Having discussed what the Lord’s Supper does and does not do, the Catechism then discusses one final issue, who the proper observants of the Supper are, again a matter of no small controversy. If you believe the Supper is a mere memorial, only a statement I make, there is little reason to restrict who may participate. But the Reformed teach that the Sacrament is a real means of grace, and further that it is an important symbol of our fellowship with Christ and one another. Therefore we restrict participation in the Supper to those with whom we can have a confident belief that they do in fact share that fellowship, so as to not destroy the symbolism of the supper and the fellowship that it presents to us. A meal is a great symbol of that fellowship.

We cannot know people’s hearts to know whether they are true believers. Membership in the invisible church is God’s business and is not discernible by us mere mortals. But we can see who is a member of the visible church, and this is the normal way the Reformed have discerned who it is that passes this test. The one who is part of the outward body, who is under the discipline of the church, is presumed, as far as we can know, to be a true member of this fellowship. God will not hold us responsible for what we cannot know, only for what we can. So we in the Reformed church customarily invite those who are members in good standing of orthodox churches to share in the celebration of the Supper with us, whether or not those churches are themselves Reformed, since we believe that the visible church extends farther than the Reformed church.

There are those that believe that this should include the small children and even infants of believing parents. But this has never been the common practice of the Reformed church. We recognize the Supper to be a symbol of our active participation in the fellowship of the church. Paul teaches the Corinthians (1 Cor. 11:27-29) that the one who partakes of the supper without examination and without discerning the body eats in an unworthy manner. Therefore we exclude children until they have undergone a period of instruction and have reached an age of a certain maturity, when they can better understand the nature of the fellowship of the church, founded on the sacrifice of Christ. This is what a “communion in the body and blood of Christ” is (1 Cor. 10:16), and a self-examination requires knowledge and maturity. This is a serious issue, as Paul says in 1 Corinthians 11 that members of the congregation have become sick and even died as a result of God’s judgment on them for their abuse of the Lord’s Supper. Further, if we recognize that God’s grace works through faith and not through physical means, then we can know that God’s grace extends to small children and those who are in training perfectly well, even if they do not physically participate in the supper. They can, and should, still participate in faith.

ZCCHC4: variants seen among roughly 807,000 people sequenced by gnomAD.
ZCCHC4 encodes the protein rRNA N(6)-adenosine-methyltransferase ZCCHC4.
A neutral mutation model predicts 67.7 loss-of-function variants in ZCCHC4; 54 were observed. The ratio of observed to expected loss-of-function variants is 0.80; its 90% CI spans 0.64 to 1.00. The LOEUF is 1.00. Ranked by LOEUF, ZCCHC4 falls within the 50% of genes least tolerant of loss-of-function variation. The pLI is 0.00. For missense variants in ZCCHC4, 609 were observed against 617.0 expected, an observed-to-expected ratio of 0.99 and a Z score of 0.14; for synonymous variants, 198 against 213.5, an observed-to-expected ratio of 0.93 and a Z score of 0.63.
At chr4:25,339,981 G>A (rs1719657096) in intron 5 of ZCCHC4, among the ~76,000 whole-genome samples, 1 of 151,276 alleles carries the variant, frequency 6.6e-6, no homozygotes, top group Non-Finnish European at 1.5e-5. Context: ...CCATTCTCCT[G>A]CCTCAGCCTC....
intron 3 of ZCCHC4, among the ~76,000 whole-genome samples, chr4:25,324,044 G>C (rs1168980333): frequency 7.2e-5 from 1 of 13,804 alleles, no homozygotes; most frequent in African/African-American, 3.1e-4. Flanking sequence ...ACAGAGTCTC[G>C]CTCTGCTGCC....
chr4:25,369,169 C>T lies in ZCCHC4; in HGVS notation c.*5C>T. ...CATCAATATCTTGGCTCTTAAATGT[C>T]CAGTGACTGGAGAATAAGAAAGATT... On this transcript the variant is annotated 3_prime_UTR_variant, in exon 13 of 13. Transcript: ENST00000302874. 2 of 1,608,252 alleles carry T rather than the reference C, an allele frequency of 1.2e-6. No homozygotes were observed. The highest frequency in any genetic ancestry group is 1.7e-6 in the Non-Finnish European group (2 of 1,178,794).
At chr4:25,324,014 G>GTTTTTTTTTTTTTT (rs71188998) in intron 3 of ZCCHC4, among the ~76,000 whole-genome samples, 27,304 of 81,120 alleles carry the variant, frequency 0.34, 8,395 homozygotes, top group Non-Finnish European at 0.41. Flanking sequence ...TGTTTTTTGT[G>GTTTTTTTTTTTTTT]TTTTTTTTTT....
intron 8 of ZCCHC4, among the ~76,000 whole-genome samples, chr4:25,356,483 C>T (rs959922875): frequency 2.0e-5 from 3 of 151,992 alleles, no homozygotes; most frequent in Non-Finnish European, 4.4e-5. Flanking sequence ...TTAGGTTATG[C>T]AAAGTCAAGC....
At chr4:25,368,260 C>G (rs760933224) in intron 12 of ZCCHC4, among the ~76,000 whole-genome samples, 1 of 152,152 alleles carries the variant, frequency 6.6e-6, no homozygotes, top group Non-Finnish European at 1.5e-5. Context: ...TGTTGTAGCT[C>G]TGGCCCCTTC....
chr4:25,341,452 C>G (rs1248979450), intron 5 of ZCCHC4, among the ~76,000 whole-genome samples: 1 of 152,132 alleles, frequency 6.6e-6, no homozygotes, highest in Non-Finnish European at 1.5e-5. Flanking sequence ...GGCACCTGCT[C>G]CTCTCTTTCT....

God is not restricted by the means of grace, and can and does work faith and salvation in people, including small children, without the aid of the sacraments at all. But we are bound by God’s ordination, and do not have liberty to administer the sacraments any way we see fit. We must restrict ourselves to what God has taught us in His Word, and can trust that God will work grace in the lives of His people through the means He has appointed.